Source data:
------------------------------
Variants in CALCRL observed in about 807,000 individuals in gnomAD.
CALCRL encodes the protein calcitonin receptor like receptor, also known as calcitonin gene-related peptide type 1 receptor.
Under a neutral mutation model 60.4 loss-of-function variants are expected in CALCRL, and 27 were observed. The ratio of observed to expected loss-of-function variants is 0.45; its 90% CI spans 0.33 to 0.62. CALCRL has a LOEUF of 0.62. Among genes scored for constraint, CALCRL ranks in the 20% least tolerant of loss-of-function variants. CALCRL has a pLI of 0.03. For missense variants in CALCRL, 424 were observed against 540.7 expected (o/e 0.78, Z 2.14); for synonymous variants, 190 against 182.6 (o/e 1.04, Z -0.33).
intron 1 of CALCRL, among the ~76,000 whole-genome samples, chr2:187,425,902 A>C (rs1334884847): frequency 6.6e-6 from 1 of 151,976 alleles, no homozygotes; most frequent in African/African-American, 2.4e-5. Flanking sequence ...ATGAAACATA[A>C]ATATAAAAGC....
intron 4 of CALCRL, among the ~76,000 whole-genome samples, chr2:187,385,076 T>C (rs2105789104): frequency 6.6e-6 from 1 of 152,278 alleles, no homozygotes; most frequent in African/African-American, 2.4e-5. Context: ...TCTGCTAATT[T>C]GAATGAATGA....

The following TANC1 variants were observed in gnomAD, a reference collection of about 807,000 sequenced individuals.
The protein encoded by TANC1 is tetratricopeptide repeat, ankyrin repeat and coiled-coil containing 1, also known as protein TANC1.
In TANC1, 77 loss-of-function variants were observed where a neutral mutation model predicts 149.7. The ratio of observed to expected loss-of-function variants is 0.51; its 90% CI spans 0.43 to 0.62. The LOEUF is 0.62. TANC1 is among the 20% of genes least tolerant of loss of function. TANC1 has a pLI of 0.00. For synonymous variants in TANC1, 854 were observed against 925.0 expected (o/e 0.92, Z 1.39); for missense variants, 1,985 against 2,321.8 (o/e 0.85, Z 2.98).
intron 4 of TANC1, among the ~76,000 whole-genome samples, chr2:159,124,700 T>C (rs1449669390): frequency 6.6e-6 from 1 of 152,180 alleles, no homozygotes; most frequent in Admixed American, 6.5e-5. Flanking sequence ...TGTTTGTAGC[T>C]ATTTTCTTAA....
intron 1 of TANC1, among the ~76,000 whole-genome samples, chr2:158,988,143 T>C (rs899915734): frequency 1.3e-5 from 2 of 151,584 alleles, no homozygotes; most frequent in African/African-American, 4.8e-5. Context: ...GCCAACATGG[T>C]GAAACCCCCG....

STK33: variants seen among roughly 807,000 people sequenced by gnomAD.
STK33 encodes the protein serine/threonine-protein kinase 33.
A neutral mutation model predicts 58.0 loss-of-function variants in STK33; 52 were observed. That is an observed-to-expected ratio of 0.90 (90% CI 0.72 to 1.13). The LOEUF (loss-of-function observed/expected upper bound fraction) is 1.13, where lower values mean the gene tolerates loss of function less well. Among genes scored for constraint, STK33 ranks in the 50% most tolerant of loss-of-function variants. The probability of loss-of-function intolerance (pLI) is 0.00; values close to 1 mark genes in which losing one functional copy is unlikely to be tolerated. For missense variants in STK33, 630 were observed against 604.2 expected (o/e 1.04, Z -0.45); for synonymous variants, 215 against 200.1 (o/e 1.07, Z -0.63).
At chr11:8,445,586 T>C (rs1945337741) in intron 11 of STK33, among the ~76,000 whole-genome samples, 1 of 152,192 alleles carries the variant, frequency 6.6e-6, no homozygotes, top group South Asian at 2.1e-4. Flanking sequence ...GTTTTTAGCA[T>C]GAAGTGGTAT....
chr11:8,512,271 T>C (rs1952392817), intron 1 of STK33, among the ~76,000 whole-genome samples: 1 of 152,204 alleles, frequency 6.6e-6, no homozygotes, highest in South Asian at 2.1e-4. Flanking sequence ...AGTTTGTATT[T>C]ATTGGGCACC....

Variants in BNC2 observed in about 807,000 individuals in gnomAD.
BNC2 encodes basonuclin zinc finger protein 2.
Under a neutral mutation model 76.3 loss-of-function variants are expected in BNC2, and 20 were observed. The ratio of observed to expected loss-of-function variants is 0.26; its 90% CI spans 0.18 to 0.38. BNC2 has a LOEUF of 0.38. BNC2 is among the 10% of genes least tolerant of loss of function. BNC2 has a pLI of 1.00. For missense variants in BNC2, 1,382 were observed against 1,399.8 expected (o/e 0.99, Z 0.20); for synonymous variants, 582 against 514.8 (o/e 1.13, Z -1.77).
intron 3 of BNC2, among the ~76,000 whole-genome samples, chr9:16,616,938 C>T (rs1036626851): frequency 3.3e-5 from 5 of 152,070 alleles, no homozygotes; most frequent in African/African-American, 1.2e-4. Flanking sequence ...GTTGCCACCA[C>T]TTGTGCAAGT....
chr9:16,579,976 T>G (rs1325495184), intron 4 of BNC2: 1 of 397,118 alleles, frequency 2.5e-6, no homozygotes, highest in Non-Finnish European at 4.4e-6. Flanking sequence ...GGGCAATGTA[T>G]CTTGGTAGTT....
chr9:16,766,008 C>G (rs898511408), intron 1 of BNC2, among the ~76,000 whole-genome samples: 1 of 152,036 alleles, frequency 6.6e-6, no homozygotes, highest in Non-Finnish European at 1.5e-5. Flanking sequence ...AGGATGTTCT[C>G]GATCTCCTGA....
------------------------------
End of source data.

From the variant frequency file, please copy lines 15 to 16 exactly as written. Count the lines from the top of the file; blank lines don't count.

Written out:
chr11:8,512,271 T>C (rs1952392817), intron 1 of STK33, among the ~76,000 whole-genome samples: 1 of 152,204 alleles, frequency 6.6e-6, no homozygotes, highest in South Asian at 2.1e-4. Flanking sequence ...AGTTTGTATT[T>C]ATTGGGCACC....

Variants in BNC2 observed in about 807,000 individuals in gnomAD.